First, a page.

The race for the Áras
Sir, – Seán Gallagher is high in the polls without using the poles. Have posters had their day? – Yours, etc,
Sir, – In supporting Ann McCabe for her brave position in opposing the presidential candidature of Martin McGuinness I also wish to offer my solidarity to all those, North and South, whose family and friends were murdered, injured or traumatised as a result of the Troubles.
The circumstances of the murder of my father Garda Richard Fallon in 1970 bring an additional layer of complexity to the story of the Troubles. For it is my belief that my father’s murder occurred due to the complicity and cowardice of the government of the Republic in responding to the violence and prejudice directed at Catholics in the North at that time. The truth of this sorry tale has yet to be formally acknowledged.
It has been said that there is no hierarchy of suffering. In agreeing with this idea we could do well to remember that many of us could never agree to the righteousness of murdering another human being in the pursuit of our political beliefs. That Mr McGuinness should continue to do so marks him as a man who recognises no constitution but his own and those who surround him. His candidacy ignores those whose experiences have not yet been honoured with an adequate truth.
I call on Mr McGuinness, and all of the candidates, to support a Truth and Reconciliation Commission for the whole island which would have a statutory footing in both jurisdictions and which would call to account all of those whose hands are drenched in the blood of others.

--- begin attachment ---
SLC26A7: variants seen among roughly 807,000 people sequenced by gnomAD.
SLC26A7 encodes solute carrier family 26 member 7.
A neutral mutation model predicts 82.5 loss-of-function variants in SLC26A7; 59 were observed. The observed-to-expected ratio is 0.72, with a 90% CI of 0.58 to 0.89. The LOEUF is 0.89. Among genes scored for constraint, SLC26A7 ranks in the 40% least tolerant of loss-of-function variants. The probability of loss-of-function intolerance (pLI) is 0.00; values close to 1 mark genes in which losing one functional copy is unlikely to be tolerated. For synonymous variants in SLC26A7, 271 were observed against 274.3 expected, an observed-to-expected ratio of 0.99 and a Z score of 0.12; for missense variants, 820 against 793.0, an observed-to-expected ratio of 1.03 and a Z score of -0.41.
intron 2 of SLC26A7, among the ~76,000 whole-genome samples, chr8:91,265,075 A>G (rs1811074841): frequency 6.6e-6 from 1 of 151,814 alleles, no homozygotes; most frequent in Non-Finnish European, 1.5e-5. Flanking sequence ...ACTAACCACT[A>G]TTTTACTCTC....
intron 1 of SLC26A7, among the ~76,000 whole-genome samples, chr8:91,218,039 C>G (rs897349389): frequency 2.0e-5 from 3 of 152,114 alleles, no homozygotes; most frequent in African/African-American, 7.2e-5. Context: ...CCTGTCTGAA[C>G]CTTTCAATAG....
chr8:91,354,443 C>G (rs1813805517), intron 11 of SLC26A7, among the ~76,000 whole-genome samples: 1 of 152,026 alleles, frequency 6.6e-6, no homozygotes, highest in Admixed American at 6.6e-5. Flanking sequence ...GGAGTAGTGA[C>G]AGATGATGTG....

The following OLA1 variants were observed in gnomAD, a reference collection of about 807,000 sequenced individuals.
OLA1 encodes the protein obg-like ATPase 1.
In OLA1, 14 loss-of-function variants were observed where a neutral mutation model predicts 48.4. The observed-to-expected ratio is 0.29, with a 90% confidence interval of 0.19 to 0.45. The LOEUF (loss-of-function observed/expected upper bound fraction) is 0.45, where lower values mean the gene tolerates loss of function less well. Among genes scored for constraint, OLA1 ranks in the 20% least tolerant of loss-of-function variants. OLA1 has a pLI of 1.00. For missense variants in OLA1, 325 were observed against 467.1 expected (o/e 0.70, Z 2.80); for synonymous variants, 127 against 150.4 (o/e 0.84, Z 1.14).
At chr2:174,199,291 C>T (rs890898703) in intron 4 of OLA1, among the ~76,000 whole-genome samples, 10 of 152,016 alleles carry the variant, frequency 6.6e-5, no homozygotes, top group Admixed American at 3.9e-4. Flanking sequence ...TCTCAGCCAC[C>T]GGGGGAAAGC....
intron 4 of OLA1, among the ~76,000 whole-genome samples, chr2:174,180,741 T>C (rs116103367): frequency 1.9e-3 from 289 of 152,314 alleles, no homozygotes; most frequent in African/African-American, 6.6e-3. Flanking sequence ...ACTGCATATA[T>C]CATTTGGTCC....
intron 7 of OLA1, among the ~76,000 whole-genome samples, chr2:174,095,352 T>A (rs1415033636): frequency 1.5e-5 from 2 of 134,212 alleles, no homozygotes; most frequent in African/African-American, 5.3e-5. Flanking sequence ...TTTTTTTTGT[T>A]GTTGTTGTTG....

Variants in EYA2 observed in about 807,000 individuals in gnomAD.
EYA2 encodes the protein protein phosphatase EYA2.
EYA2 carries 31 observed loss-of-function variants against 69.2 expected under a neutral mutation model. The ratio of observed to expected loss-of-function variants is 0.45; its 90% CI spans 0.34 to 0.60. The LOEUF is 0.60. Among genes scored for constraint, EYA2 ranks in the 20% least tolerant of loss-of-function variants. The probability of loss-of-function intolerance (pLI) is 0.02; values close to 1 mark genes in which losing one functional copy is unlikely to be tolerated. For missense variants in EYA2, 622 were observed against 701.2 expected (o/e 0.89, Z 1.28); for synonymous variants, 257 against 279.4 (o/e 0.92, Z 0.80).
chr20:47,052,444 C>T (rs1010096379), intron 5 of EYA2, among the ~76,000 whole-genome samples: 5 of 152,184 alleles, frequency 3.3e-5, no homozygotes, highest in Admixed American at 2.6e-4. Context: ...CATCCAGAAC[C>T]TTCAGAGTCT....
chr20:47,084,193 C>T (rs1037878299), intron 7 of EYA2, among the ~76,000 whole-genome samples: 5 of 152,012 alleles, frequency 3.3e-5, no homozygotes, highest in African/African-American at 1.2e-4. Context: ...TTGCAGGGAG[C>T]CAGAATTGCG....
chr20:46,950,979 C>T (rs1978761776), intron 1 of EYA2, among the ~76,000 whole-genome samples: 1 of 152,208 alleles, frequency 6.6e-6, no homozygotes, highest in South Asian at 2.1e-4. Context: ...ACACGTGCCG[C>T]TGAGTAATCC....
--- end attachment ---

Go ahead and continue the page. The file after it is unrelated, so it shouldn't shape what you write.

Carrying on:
Until a proper account of he Troubles has been given, and until those who have questions to be answered are responded to properly, I feel that Mr McGuinness’s self-appointed role as peacemaker is undeserved, premature and insulting to those of us who abhor political murder. I also feel that it is disrespectful towards those who have suffered as a result of his beliefs, whether they be British subjects or Irish citizens. The lack of a public, all-island based truth and reconciliation process is also a reflection of the shame-based politics we practice in the South.
We should remember the impact which the thousands of murders, maimings, beatings, threats and expatriations here and in Britain may have on thousands, in many examples for generations to come, and begin the process of breaking the chains of violence that imprison so many by insisting on a public account of what took place, North and South. – Yours, etc,
Sir, – So a construction developer with Fianna Fáil connections runs inexorably toward the Áras? To quote, then, from Julian Barnes’s The Sense of an Ending, “History is a raw onion sandwich...It just repeats...it burps...” – Yours, etc.